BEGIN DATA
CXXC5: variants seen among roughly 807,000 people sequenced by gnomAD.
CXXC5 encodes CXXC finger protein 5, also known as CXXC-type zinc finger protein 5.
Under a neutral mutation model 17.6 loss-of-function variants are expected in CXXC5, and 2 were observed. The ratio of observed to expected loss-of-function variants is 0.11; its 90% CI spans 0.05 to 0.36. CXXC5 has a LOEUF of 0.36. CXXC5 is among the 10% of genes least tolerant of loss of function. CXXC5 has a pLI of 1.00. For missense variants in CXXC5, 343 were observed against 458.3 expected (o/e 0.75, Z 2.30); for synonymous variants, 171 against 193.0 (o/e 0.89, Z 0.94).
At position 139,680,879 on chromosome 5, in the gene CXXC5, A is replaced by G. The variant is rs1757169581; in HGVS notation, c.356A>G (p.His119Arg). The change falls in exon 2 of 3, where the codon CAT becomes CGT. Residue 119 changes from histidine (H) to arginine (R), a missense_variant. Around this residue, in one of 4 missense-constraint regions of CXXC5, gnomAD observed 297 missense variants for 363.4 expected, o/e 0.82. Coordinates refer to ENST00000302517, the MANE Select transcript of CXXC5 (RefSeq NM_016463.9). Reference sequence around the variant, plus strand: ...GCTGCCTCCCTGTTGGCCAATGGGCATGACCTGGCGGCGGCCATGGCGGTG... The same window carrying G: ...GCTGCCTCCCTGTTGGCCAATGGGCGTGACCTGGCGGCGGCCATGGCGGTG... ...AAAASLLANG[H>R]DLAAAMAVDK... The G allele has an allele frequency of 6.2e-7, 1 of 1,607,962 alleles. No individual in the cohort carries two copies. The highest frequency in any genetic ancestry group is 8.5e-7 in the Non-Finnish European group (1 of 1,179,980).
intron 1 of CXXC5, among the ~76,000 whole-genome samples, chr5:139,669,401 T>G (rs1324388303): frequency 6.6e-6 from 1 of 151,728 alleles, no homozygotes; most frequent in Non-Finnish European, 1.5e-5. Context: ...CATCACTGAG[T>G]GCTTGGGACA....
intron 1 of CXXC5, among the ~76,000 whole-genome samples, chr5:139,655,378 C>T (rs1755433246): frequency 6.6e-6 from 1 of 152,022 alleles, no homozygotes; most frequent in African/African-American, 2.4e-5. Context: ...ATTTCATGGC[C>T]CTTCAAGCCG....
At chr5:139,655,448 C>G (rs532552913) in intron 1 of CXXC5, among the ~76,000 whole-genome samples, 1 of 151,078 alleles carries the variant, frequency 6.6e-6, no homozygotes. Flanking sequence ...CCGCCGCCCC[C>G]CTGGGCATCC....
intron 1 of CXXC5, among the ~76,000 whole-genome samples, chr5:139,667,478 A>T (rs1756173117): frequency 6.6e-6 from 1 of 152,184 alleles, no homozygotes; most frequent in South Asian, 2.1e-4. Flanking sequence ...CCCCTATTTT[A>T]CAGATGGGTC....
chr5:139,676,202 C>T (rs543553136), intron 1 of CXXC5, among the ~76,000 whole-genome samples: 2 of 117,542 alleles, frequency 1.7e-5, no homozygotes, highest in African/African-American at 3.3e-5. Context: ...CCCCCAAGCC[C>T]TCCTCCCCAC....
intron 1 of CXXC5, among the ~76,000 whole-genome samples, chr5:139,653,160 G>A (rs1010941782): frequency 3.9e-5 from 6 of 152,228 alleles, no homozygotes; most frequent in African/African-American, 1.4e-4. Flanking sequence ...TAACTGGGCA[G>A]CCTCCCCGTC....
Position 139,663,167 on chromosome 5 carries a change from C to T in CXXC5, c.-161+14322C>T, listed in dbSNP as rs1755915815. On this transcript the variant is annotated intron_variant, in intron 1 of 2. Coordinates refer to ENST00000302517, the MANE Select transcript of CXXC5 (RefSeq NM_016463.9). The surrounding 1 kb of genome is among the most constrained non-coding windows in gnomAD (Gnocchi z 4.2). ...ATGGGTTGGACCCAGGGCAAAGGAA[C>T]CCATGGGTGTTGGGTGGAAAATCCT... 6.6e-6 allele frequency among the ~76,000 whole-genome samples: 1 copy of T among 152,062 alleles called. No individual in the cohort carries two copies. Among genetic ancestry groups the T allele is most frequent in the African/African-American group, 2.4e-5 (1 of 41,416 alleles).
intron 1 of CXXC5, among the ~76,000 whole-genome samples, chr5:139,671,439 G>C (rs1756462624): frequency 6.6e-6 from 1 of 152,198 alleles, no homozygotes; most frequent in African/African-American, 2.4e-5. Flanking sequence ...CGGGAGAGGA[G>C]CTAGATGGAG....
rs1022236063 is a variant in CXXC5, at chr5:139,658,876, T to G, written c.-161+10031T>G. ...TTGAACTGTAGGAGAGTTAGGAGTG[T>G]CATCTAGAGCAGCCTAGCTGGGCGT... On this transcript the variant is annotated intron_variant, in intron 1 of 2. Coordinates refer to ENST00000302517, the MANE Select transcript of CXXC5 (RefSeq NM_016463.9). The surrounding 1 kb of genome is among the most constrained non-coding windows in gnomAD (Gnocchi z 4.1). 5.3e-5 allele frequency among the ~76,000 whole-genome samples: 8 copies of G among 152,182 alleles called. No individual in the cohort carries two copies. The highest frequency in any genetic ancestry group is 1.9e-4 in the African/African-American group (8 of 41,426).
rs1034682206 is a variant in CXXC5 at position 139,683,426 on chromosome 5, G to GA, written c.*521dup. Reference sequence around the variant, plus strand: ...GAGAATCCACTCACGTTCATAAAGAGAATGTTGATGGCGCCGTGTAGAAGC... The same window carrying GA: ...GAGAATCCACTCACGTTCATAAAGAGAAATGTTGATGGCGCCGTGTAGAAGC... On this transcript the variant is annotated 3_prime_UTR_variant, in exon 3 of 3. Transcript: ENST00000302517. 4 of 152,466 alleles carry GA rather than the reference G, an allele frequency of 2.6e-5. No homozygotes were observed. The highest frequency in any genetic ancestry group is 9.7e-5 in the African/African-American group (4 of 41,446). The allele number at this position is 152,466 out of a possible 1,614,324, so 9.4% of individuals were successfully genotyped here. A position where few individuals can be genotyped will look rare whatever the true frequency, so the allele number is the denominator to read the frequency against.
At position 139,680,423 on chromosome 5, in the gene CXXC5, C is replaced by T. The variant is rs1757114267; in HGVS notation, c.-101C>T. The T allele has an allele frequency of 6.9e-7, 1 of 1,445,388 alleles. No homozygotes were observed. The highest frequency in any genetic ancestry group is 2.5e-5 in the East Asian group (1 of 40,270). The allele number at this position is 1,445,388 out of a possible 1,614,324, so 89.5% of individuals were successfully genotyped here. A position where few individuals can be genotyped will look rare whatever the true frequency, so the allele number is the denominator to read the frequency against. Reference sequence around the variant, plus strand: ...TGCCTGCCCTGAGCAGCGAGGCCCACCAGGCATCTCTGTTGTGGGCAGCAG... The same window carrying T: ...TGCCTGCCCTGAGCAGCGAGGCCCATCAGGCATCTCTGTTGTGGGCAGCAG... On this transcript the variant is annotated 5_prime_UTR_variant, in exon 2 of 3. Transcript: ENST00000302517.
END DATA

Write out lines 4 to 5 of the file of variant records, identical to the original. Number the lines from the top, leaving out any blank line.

At position 139,680,879 on chromosome 5, in the gene CXXC5, A is replaced by G. The variant is rs1757169581; in HGVS notation, c.356A>G (p.His119Arg). The change falls in exon 2 of 3, where the codon CAT becomes CGT. Residue 119 changes from histidine (H) to arginine (R), a missense_variant. Around this residue, in one of 4 missense-constraint regions of CXXC5, gnomAD observed 297 missense variants for 363.4 expected, o/e 0.82. Coordinates refer to ENST00000302517, the MANE Select transcript of CXXC5 (RefSeq NM_016463.9). Reference sequence around the variant, plus strand: ...GCTGCCTCCCTGTTGGCCAATGGGCATGACCTGGCGGCGGCCATGGCGGTG... The same window carrying G: ...GCTGCCTCCCTGTTGGCCAATGGGCGTGACCTGGCGGCGGCCATGGCGGTG... ...AAAASLLANG[H>R]DLAAAMAVDK... The G allele has an allele frequency of 6.2e-7, 1 of 1,607,962 alleles. No individual in the cohort carries two copies. The highest frequency in any genetic ancestry group is 8.5e-7 in the Non-Finnish European group (1 of 1,179,980).
intron 1 of CXXC5, among the ~76,000 whole-genome samples, chr5:139,669,401 T>G (rs1324388303): frequency 6.6e-6 from 1 of 151,728 alleles, no homozygotes; most frequent in Non-Finnish European, 1.5e-5. Context: ...CATCACTGAG[T>G]GCTTGGGACA....